DoD Restricts Firearms, Base Access, and Travel for Foreign Military Students Training in the US

In this Dec. 9, 2019 photo made available by the FBI, Saudi Arabia Defense Attaché Major General Fawaz Al Fawaz (second from right) meets with Saudi students at the NAS Pensacola base in Pensacola, Fla. (FBI via AP)
In this Dec. 9, 2019 photo made available by the FBI, Saudi Arabia Defense Attaché Major General Fawaz Al Fawaz (second from right) meets with Saudi students at the NAS Pensacola base in Pensacola, Fla. (FBI via AP)

This article by Haley Britzky originally appeared on Task & Purpose, a digital news and culture publication dedicated to military and veterans issues.

The Defense Department announced on Friday that training would resume for international military students — once some additional policies and security measures were put in place.

"Going forward we will put several new policies and security procedures in place to protect our people, programs, and installations. These include new restrictions on international military students for possession and use of firearms, and control measures for limiting their access to military installations and U.S. government facilities," Garry Reid, director for defense intelligence, told reporters on Friday.

"We will also impose new standards for training and education on detecting and reporting insider threats, and establish new vetting procedures that include capabilities for continuous monitoring of international military students while enrolled in U.S.-based training programs."

The new policies are a result of a review of vetting procedures for foreign students, which was started after the shooting at Naval Air Station Pensacola in December — when a Saudi student studying in the U.S. killed four people, including himself — and the following expulsion of 21 other Saudi students over jihadi content and child pornography.

Restrictions will not be tailored to the students' home countries.

A senior defense official further explained the new policies, saying the department would be "fully implementing" a system called the Defense Biometric Identification System (DBIDS), which aims to "prevent unauthorized access to facilities and installations."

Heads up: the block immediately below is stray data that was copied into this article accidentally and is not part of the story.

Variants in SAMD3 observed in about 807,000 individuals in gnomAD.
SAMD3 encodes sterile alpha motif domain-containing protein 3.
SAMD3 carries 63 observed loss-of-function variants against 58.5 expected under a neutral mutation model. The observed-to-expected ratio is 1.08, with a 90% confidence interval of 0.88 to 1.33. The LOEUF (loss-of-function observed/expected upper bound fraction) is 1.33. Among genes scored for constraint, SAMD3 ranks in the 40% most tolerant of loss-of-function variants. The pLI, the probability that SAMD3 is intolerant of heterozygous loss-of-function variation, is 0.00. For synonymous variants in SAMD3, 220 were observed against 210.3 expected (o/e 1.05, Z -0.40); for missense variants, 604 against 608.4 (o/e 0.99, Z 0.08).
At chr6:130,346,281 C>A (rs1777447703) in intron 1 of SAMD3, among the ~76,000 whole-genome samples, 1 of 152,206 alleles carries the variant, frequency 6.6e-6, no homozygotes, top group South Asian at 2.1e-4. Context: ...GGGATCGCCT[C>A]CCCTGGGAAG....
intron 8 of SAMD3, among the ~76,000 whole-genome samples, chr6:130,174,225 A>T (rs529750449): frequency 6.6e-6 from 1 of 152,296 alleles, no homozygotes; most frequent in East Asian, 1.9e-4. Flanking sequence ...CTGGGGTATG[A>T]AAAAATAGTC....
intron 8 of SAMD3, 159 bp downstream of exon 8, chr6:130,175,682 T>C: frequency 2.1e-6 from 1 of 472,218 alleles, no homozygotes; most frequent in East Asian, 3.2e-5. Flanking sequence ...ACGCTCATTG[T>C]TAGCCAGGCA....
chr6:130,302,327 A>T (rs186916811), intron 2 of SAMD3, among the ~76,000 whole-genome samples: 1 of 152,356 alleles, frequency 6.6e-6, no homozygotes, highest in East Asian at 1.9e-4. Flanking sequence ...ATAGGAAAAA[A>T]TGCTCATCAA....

As for firearm restrictions, the official said there is "not a current policy specific to the international military students," and that the restriction will bar students from purchasing firearms in the U.S.

On an installation level, commanders will be implementing travel restrictions based on the location of the installation, population size, and training parameters.

"Any military member knows that you may be at one base and the restriction on weekend travel without taking leave is 300 miles, but if there's a major city that people go to on a regular basis that's 310 miles, that local commander has the ability to expand that a little bit to give an equal additional mobility without really getting away from the intent of the guidance to have people available," the defense official said.

Foreign students will now also undergo "continuous vetting and screening" while they are in the U.S. for training.

While some of the new policies are in response to the Pensacola shooting, an official emphasized that they are not all directly related to that incident, especially because some of the new policies may not have stopped the shooting. For example, the credentialing policy that will restrict access on-base to foreign students would not have impacted the Pensacola shooter, because he was on a base, and in a facility, which he was authorized to have access to.

The official said that the department has received "strong support" from partner nations regarding the new policies, and that they are "not asking anything we wouldn't ask of ourselves."

"All current and future students will be required to acknowledge their willingness to abide by these standards," Reid said. "Committing to full compliance with all U.S. laws on- and off-duty as a condition of their enrollment."

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